An Analysis of Anselm’s Philosophical Theology and the Problem of Man’s Freedom in His De Concordia
Keywords:Anselm of Canterbury, medieval theology, medieval philosophy, God, man, grace, predestination, determinism, free will
AbstractThe purpose of this study is to discover, present and analyze the key ideas of Anselm of Canterbury concerning the notions of knowledge, will and mode of divine-human relations in the context of this “knowledge-will” framework which is important due to (a) somewhat insufficient attention to the medieval insights on the issue and (b) the peculiarity that Anselm’s intuitions have. More specifically, the object of the given paper is Anselmian understanding of relations between God’s foreknowledge and will, on the one side, and human free will, on the other side, as it is presented in the work entitled De Concordia. In this treatise Anselm of Canterbury partially uses and further elaborates some ideas of Augustine and Boethius, while integrating, updating and synthesizing them in a creative manner, and partially develops a number of thoughts of his own. As a result, there is a set of the well-formulated and comprehensive theses concerning (i) different types of (metaphysical) necessity, (ii) a proper definition of freedom of choice and will, (iii) the nature of will per se, and, finally, (iv) unique relation of “simultaneity” that exists between God’s knowledge, God’s will and the creature’s rational will. These ideas are presented and explicated in the article along with detailed exposition and analytical examination of the main line of argumentation found in the De Concordia.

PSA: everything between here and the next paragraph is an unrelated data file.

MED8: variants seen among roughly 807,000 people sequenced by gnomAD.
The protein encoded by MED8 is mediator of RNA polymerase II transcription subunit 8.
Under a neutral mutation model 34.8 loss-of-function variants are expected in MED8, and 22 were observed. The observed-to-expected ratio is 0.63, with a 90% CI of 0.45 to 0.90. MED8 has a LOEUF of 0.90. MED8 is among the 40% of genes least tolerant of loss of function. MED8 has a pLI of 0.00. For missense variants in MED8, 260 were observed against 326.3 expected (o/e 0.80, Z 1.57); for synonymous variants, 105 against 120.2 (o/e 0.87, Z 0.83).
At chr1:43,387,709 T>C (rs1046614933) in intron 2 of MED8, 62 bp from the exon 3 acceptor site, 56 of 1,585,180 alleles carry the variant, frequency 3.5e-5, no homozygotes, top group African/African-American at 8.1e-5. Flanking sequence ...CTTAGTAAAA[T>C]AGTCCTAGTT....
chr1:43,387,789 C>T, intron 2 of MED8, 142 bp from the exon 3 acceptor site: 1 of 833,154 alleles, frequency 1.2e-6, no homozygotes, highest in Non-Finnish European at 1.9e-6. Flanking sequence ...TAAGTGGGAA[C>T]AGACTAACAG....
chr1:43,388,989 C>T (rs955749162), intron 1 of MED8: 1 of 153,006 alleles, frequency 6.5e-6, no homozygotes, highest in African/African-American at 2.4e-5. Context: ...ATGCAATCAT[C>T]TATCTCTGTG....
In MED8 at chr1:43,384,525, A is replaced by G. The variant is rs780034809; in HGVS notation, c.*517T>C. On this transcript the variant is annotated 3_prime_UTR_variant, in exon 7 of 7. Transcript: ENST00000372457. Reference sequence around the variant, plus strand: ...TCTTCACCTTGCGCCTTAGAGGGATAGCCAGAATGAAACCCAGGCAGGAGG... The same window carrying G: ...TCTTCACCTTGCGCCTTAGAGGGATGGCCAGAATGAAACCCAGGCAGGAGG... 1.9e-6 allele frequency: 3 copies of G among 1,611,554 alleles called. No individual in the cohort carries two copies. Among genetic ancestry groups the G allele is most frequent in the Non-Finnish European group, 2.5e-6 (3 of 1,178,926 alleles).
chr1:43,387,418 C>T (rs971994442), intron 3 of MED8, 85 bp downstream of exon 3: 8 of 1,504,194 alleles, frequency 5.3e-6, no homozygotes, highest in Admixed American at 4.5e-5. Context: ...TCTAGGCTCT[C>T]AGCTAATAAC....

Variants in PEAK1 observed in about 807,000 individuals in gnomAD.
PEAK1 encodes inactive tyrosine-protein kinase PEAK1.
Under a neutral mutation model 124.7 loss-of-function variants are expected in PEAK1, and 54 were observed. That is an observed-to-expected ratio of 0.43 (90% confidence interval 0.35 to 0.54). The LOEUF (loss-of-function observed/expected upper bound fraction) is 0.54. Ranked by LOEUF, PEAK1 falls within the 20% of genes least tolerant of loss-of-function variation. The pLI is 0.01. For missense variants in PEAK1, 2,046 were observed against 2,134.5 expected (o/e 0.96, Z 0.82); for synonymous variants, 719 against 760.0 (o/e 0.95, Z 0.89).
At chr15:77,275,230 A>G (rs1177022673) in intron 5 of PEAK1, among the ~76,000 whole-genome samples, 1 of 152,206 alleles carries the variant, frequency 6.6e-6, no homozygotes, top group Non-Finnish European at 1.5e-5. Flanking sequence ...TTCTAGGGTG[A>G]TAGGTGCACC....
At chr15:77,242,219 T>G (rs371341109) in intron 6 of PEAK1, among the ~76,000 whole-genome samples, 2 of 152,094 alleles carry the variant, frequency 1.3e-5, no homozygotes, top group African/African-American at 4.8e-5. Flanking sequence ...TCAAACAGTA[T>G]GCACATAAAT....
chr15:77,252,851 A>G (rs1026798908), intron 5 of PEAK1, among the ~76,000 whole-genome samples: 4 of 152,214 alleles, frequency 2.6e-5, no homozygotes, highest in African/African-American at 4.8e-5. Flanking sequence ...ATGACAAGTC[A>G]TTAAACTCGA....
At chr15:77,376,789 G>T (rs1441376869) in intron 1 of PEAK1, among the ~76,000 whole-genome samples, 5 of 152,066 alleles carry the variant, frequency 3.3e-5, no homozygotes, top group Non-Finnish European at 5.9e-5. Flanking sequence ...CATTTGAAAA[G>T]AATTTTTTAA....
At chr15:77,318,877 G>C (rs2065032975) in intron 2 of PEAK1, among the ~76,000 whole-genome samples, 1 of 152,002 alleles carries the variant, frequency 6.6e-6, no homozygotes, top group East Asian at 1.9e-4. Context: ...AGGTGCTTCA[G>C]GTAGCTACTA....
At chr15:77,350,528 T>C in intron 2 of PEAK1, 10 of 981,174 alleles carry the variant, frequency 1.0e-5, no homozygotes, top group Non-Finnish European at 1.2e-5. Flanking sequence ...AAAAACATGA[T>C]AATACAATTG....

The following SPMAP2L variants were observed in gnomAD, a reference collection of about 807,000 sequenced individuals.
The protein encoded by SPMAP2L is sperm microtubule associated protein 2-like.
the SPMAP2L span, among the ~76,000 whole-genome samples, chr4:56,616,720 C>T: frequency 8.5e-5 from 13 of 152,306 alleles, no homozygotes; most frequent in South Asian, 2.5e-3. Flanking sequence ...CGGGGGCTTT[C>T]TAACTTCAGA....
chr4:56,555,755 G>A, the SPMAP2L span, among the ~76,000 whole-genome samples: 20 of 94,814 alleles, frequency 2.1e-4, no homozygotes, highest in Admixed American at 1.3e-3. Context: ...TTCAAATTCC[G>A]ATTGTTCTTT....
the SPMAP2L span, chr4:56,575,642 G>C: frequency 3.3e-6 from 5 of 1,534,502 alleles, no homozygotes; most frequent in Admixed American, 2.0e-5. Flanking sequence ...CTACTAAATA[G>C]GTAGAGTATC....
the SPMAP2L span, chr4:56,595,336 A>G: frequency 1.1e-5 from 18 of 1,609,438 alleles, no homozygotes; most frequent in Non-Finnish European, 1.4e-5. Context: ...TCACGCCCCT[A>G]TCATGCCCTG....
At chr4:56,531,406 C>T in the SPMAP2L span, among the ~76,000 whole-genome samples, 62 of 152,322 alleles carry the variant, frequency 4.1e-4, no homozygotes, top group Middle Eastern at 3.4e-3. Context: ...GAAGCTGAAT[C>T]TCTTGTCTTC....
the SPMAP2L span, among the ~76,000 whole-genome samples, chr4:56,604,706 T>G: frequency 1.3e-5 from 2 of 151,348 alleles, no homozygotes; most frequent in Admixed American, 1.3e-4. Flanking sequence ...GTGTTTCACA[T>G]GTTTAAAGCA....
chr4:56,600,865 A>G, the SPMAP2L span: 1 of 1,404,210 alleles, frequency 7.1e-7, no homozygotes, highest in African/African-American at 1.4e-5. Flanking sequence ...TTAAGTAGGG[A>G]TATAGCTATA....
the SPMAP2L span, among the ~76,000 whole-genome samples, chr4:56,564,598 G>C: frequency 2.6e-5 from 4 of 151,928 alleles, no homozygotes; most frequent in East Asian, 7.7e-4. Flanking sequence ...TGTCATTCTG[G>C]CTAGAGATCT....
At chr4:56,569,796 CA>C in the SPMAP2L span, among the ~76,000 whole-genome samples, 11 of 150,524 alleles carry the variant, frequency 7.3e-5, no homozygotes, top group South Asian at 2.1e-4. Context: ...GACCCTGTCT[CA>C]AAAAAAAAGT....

Anselm of Canterbury. (2000a). Complete Philosophical and Theological Treatises of Anselm of Canterbury. (J. Hopkins & H. Richardson, Transl.). Minneapolis, MN: Banning Press.
Anselm of Canterbury. (2000b). Freedom of Choice. In Anselm of Canterbury, Complete Philosophical… (pp. 191-213).
Anselm of Canterbury. (2000c). The Fall of the Devil. In Anselm of Canterbury, Complete Philosophical… (pp. 214-261).
Anselm of Canterbury. (2000d). The Harmony of the Foreknowledge, the Predestination, and the Grace of God with Free Choice. In Anselm of Canterbury, Complete Philosophical… (pp. 531-574).